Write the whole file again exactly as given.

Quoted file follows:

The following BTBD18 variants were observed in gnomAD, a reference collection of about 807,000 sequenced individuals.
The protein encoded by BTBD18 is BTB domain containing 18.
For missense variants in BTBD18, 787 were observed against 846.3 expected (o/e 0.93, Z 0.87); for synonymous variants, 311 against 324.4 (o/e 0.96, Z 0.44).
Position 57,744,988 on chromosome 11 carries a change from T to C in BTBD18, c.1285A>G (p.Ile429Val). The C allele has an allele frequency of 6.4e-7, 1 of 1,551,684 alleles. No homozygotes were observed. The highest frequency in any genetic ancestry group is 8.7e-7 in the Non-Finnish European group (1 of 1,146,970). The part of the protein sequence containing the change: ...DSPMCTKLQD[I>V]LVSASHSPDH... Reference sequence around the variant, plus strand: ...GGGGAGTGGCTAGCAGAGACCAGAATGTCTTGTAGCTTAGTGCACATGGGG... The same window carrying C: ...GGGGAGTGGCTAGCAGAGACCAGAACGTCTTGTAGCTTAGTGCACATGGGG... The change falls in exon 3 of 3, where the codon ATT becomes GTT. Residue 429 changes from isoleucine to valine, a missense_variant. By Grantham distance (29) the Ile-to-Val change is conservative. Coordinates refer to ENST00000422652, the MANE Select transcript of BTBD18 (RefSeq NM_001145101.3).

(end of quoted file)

The following BTBD18 variants were observed in gnomAD, a reference collection of about 807,000 sequenced individuals.
The protein encoded by BTBD18 is BTB domain containing 18.
For missense variants in BTBD18, 787 were observed against 846.3 expected (o/e 0.93, Z 0.87); for synonymous variants, 311 against 324.4 (o/e 0.96, Z 0.44).
Position 57,744,988 on chromosome 11 carries a change from T to C in BTBD18, c.1285A>G (p.Ile429Val). The C allele has an allele frequency of 6.4e-7, 1 of 1,551,684 alleles. No homozygotes were observed. The highest frequency in any genetic ancestry group is 8.7e-7 in the Non-Finnish European group (1 of 1,146,970). The part of the protein sequence containing the change: ...DSPMCTKLQD[I>V]LVSASHSPDH... Reference sequence around the variant, plus strand: ...GGGGAGTGGCTAGCAGAGACCAGAATGTCTTGTAGCTTAGTGCACATGGGG... The same window carrying C: ...GGGGAGTGGCTAGCAGAGACCAGAACGTCTTGTAGCTTAGTGCACATGGGG... The change falls in exon 3 of 3, where the codon ATT becomes GTT. Residue 429 changes from isoleucine to valine, a missense_variant. By Grantham distance (29) the Ile-to-Val change is conservative. Coordinates refer to ENST00000422652, the MANE Select transcript of BTBD18 (RefSeq NM_001145101.3).